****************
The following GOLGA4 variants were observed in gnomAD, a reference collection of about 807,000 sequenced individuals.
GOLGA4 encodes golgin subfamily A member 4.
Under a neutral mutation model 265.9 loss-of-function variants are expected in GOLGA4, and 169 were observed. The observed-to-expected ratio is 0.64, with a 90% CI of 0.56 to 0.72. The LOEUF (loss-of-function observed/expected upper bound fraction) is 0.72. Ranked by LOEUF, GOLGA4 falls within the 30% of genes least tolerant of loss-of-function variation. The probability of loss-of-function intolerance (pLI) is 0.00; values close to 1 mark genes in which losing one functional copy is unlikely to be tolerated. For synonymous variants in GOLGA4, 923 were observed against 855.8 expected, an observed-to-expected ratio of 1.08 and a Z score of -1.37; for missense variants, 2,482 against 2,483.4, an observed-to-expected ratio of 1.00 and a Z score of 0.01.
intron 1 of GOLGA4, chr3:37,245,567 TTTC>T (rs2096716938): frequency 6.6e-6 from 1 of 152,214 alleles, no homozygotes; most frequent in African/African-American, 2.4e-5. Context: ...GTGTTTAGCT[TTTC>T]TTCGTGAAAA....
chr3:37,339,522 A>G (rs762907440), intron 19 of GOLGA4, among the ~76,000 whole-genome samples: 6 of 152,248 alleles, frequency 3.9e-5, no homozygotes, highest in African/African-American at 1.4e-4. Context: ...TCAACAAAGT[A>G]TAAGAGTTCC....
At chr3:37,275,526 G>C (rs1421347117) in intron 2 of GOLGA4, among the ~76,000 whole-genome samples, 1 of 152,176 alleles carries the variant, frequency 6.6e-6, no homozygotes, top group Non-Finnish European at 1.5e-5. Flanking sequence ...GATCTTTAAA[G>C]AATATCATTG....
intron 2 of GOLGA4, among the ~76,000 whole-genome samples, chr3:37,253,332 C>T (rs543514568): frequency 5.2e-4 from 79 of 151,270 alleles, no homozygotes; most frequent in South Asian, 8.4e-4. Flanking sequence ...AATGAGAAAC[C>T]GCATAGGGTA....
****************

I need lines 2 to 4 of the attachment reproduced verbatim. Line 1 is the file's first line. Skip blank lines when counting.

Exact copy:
GOLGA4 encodes golgin subfamily A member 4.
Under a neutral mutation model 265.9 loss-of-function variants are expected in GOLGA4, and 169 were observed. The observed-to-expected ratio is 0.64, with a 90% CI of 0.56 to 0.72. The LOEUF (loss-of-function observed/expected upper bound fraction) is 0.72. Ranked by LOEUF, GOLGA4 falls within the 30% of genes least tolerant of loss-of-function variation. The probability of loss-of-function intolerance (pLI) is 0.00; values close to 1 mark genes in which losing one functional copy is unlikely to be tolerated. For synonymous variants in GOLGA4, 923 were observed against 855.8 expected, an observed-to-expected ratio of 1.08 and a Z score of -1.37; for missense variants, 2,482 against 2,483.4, an observed-to-expected ratio of 1.00 and a Z score of 0.01.
intron 1 of GOLGA4, chr3:37,245,567 TTTC>T (rs2096716938): frequency 6.6e-6 from 1 of 152,214 alleles, no homozygotes; most frequent in African/African-American, 2.4e-5. Context: ...GTGTTTAGCT[TTTC>T]TTCGTGAAAA....